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At Home In the Republic

By Terence C.M. Tse, Mark Esposito, and Danny Goh

AI’s threat to humanity has been overplayed, but that doesn’t mean it’s not a major driving force in the technology and business world that is going to irrevocably change the way we live. Even though we may not know what our destination will end up being, we certainly know which directions we are going. And for sure, humans will be working hand-in-hand with machines in an ever-increasing number of activities. The “merger” of man and computers began long ago, the moment we accepted technologies into our lives.

We are using more and more digital devices in day-to-day activities. In fact, in many respects, people have not just welcomed the use of but delegated responsibilities to machines. Just ask yourself how many of us still memorize telephone numbers these days? How many people still resort to reading maps going from point A to point B? We would always prefer to be guided rather than having to figure out the ways ourselves. At the same time, we are becoming more inclined to hand over privacy in exchange for convenience, as we are too happy to take advantage of “free” apps and online services by paying for them in the form of data.

This trend will only go on with improving machine intelligence as it will be able to assume — and automate — more and more important roles that humans have played in the past (think driverless cars). An implication is that our next social and technological developments will be much less dictated by governments, with their power to control diminishing. Instead, our choices will be shaped and informed by the available technologies (created by companies, in particular the tech giants) and how the others use them. The number of “likes” or “stars” in rating you get don’t come from the state; they are given by other humans. Twitter is more powerful than tear gas.

The fact that the choice of how to charge ahead into the future and even the fate of nations lies in how human beings interact with AI — and how human intelligence is best combined with artificial ones — leads us to think that AI is effectively creating a republic. The Oxford Dictionary defines “republic” as “a state in which supreme power is held by the people and their elected representatives, and which has an elected or nominated president rather than a monarch.”

While we are less concerned with the second part of the definition, we strongly believe that with the rise of intelligent automation, the power of shaping the future is in the building of the nexus between humans and AI. Whether this will represent a force of good or bad really depends on how much we understand and how we use AI technologies. To us, now is the time to seek and deepen such understanding.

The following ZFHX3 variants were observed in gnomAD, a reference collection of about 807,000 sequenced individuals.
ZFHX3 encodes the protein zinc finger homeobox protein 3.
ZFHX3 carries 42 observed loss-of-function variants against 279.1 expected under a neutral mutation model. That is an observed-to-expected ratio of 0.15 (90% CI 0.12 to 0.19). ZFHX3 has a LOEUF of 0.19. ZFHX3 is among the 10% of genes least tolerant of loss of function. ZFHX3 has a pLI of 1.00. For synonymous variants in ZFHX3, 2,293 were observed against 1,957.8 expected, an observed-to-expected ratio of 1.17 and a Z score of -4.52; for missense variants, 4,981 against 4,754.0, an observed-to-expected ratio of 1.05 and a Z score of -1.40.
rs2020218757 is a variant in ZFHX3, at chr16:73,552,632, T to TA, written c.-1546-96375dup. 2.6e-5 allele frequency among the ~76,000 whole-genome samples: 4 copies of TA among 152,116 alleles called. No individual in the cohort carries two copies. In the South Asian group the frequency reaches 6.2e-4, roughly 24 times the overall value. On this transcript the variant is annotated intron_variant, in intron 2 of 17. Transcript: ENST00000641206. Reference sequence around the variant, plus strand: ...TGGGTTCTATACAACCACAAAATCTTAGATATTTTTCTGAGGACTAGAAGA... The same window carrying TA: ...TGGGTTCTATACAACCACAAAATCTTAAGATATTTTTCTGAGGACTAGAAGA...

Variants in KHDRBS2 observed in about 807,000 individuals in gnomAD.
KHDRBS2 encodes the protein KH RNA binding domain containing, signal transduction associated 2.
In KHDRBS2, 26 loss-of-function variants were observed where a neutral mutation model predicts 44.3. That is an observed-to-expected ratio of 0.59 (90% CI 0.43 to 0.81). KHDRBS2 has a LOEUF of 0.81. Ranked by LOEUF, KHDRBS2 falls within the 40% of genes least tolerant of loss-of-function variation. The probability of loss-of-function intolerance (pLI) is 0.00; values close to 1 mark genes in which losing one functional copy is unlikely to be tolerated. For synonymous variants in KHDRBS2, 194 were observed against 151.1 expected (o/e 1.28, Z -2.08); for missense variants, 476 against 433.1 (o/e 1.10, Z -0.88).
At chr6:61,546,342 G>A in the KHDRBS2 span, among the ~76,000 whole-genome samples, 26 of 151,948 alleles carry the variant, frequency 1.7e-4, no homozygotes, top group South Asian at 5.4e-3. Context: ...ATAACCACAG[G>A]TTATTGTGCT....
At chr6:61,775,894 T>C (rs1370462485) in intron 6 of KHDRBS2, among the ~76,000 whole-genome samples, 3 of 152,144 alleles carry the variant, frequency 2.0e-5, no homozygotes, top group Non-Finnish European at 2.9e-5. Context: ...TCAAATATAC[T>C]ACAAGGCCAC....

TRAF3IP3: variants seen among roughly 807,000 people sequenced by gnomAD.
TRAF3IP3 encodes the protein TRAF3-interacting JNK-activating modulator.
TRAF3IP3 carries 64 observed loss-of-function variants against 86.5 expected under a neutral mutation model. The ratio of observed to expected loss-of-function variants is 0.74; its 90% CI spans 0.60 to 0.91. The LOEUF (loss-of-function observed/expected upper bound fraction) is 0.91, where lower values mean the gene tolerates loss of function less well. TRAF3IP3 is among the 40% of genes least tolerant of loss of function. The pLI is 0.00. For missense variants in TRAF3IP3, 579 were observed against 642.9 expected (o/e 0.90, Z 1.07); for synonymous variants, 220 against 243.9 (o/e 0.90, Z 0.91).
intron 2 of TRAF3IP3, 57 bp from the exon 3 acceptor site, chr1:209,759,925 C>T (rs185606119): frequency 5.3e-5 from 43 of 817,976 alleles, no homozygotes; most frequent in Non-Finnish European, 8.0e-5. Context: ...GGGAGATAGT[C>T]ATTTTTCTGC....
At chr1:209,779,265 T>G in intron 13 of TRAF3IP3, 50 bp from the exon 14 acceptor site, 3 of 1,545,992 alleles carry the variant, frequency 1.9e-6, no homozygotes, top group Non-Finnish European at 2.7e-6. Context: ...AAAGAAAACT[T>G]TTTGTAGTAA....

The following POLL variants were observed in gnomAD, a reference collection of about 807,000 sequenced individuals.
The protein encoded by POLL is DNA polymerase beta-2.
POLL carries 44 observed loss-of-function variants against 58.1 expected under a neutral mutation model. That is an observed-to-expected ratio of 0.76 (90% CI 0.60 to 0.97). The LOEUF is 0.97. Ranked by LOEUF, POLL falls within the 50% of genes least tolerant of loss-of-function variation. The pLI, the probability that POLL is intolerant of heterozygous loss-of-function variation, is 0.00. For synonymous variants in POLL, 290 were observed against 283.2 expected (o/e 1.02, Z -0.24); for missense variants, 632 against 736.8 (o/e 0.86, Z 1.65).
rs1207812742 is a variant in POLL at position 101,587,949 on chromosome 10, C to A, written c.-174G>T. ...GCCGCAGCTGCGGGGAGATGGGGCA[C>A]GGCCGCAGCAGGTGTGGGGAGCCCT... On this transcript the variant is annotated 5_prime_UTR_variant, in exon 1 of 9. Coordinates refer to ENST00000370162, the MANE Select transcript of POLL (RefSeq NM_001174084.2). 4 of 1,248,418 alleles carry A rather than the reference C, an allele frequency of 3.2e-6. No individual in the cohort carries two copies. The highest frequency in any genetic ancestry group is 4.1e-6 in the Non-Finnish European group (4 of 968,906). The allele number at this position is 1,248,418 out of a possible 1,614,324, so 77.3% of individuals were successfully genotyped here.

This book is written with this in mind. It tries to address AI’s huge transformative potential for businesses and society. It attempts to shed light on the reality of what AI technology can do and what it will be capable of in the future. It will offer explanations of the different terminology and jargon we use to talk about AI. We will also have a deeper discussion on the broader implications of AI’s increasing presence in our lives.

There is a lot of conversation right now on how to reconcile the capabilities of people and machines. While this is an important conversation, it’s not the purpose of this book. This book will skirt the moral and philosophical questions that surround AI and leave that for others to tackle. Instead, we would like to explain the context surrounding these conversations. We will discuss the historical legacy of AI technology, some of which has been around for many years. We will also discuss the triggers that cause this technology to accelerate in capability and use. We would like to help people recognize how and why they might employ AI in their own organization, or city, or country. Drawing on our experiences at Nexus FrontierTech with helping our clients to integrate AI into their business capabilities, we will suggest a few ideas as to how companies can start to put AI into their organizations.

AI is not the answer to all our problems. There are many situations where employing AI could be detrimental to a business. The goal is not to simply replace old for new but to examine how AI can help advance the trajectory of your products or services. It’s a matter of figuring out the things that machines should do and could do better.

In the latter part of the book, we will look at what governments can and should do to take advantage of this technology, and the implications of doing so. Given that all three of us have children, we believe that it is a worthy exercise to examine how parents can help prepare the next generations to fit into the economy of the future.

AI is constantly evolving, and society is being forced to evolve along with it. The ultimate question to ask yourself as you read is this: what are the things you should be doing today to prepare for the world of tomorrow?


This an excerpt fromThe AI Republic: Building the Nexus Between Humans and Intelligent Automation by Terence C.M. Tse, Mark Esposito, and Danny Goh.

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